We left nice and early the following morning to make the hour drive to Kalapana and meet our guide in the darkness. We could see the glowing lava on the pali, but it was difficult to tell how far it was. We were leaving in the darkness to ensure we could complete the journey before the daytime sun was too harsh.
The beginning part of our journey was precarious, carefully navigating the bumpy lava rocks in the dark with flashlights. Bo was extremely knowledgeable, having lived in the area for several years. He shared interesting information on the recent lava flows in the area, as well as provided helpful tips on how to navigate the area.
I had been hoping to be able to get sunrise photos with the lava, but the active flows ended up being further than anyone anticipated. I did take a quick break from the hike to take some photos of the sunrise over the endless lava rocks and ocean.
We continued onwards, and what was originally anticipated to be a 2-ish mile journey (one way) ended up being over 4 miles. But, we found the lava!
It was an amazing, mesmerizing experience to finally catch the first views of the lava flowing down the pali.
Bo told us we could stand as close as we wanted, as long as we could withstand the heat. It turns out, the lava gets too close to stand next to before you’re actually in serious danger of being burned.
We got to work, exploring the area and scoping out the various lava flows. The area still had trees which had escaped previous flows. Bo told us a story of a resident named Jack, who continued to live in his house in the area despite the fact the rest of the subdivision had been previously destroyed by lava. We were sad to learn that only 2 weeks after our journey to Hawaii, the lava overran the house of this final resident of Royal Gardens.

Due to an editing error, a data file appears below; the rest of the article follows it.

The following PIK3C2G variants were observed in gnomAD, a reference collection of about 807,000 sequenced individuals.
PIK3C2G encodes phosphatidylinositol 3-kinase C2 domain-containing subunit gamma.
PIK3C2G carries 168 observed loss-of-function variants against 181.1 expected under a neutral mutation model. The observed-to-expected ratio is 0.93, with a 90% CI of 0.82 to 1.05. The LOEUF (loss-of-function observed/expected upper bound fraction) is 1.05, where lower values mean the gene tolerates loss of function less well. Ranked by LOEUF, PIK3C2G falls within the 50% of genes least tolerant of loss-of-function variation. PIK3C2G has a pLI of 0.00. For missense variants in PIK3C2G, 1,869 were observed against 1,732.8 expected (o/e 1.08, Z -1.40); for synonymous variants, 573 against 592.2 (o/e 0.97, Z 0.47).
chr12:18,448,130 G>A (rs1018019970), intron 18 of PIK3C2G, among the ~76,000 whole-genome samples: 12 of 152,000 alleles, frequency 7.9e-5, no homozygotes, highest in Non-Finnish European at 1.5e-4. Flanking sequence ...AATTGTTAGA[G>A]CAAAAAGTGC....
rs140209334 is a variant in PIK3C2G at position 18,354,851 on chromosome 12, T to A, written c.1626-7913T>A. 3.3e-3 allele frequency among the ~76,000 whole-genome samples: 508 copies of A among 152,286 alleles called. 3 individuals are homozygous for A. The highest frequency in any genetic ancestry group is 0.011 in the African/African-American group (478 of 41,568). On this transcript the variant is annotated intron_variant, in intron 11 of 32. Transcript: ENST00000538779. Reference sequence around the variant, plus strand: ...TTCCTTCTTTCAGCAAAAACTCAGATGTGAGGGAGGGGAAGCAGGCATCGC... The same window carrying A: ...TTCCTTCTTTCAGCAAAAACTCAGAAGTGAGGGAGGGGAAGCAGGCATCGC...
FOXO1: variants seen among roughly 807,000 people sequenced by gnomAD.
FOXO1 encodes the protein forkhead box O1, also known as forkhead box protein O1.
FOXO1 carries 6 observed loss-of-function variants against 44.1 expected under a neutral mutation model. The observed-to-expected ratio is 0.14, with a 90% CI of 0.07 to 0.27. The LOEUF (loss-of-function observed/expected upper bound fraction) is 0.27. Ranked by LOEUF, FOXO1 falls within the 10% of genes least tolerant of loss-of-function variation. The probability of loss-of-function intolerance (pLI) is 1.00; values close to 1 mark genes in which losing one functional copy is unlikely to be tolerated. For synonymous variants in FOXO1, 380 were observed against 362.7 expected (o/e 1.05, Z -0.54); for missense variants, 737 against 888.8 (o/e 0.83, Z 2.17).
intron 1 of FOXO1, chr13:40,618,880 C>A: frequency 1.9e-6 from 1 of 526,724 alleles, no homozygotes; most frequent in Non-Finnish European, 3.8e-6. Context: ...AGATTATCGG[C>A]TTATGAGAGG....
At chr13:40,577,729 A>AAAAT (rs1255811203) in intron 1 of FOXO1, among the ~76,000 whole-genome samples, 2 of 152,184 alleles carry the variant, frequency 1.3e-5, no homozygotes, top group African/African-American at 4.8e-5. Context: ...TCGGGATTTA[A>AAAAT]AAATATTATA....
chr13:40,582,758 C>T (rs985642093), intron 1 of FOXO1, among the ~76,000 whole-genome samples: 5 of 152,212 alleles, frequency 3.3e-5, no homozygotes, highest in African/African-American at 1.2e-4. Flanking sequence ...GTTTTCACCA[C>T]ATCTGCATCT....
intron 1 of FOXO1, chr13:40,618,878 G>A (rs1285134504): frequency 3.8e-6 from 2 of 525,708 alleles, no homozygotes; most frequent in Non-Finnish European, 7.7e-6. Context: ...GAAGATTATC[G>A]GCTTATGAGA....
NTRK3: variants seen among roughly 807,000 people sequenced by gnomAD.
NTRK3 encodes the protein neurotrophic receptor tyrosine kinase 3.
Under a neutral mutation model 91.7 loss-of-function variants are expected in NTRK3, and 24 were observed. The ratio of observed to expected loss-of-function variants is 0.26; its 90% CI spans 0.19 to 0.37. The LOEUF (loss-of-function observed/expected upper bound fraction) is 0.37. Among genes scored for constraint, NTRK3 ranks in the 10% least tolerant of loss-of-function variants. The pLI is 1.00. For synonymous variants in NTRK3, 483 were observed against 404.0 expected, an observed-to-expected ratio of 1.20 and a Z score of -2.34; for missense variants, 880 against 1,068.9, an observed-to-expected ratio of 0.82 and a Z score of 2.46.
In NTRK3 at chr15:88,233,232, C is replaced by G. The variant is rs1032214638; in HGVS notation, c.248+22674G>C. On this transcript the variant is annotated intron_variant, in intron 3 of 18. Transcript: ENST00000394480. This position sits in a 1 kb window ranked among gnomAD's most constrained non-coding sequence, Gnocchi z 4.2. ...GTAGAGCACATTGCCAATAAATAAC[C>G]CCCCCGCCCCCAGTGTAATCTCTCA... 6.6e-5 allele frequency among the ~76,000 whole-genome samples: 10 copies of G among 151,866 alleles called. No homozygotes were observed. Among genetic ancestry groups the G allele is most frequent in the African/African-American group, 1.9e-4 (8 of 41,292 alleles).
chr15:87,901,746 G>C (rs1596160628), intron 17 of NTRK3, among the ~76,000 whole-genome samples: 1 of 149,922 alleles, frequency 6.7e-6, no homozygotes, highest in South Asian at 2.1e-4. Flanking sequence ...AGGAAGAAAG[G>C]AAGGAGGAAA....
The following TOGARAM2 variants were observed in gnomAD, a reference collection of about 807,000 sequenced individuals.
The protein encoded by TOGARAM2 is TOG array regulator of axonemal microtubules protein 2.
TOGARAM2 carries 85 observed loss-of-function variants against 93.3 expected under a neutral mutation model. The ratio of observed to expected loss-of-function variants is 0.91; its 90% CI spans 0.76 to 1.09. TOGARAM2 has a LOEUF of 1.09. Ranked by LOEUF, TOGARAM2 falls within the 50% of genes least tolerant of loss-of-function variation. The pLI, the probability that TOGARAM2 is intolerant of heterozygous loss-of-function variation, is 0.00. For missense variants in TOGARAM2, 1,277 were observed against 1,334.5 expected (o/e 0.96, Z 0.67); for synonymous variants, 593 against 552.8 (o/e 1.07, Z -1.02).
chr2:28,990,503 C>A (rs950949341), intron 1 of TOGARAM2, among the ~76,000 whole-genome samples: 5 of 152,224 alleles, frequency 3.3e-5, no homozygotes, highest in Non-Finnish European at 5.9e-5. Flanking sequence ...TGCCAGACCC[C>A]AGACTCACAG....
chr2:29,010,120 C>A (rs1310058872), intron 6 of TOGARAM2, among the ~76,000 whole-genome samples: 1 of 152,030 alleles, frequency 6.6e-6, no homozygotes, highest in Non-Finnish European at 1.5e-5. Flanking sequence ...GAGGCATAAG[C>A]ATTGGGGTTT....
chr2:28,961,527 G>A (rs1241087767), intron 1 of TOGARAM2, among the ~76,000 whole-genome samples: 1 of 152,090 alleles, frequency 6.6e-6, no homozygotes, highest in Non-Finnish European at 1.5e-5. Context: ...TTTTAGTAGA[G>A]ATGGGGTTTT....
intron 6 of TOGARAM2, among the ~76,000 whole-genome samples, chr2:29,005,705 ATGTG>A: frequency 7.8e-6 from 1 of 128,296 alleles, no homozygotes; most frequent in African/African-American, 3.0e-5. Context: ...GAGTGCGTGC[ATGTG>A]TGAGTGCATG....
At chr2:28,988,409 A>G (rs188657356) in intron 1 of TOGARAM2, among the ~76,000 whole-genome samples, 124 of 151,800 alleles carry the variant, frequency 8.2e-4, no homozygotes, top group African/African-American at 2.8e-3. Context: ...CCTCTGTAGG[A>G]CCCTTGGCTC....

We spent awhile exploring the lava, taking photos and video footage of the flows while narrowly avoiding the falling branches of some burning trees. Travis got to poke some lava with a stick. Travis also forgave me for forcing him to wake up ridiculously early to go on a hike. He actually got over that pretty quickly. I’m just glad I decided we were doing this since it was ultimately very rewarding.
As a sidenote, as I was writing this blog one year later, I was shocked and saddened to discover that our guide Bo had passed away in November 2012 in a motorcycle accident. I had been searching to link to his website to share my gratitude for his expertise and knowledge on our hike when I found out the sad news. We really enjoyed our lava hike with him and would have loved to visit him again or recommend him to others. We just wanted to share our condolences.
After our 8-mile hike to the active lava flows we made it back to the hotel and took a well-deserved nap. We had vague plans of going back to the park for sunset, but we also just wanted to sleep.
Luckily, we ended up waking up refreshed from our looong afternoon nap and decided to explore further. The Volcano Winery was still open until 5:30pm, so I decided we should first stop there to check Hawaii wine off our list before we visited the park.
We got to the park with a little time until sunset, and we decided to just try Kilauea Crater again from a different angle. We parked and started heading to the crater viewing area when it started to sprinkle and I saw a rainbow forming. Excitedly, I went running up the path and starting getting photos of the full rainbow forming over the fields near the Kilauea Crater.
After I was satisfied with the full rainbow photo, I headed over to the caldera where the rainbow looked to be stretching down into the canyon with steamy fog and golden afternoon light. I couldn’t have been happier that we woke up from our nap.
Our trip to Hawaii Volcanoes National Park was beautiful and rewarding. I still hope to visit again someday when the lava is flowing into the ocean, but for a first trip, it was certainly memorable.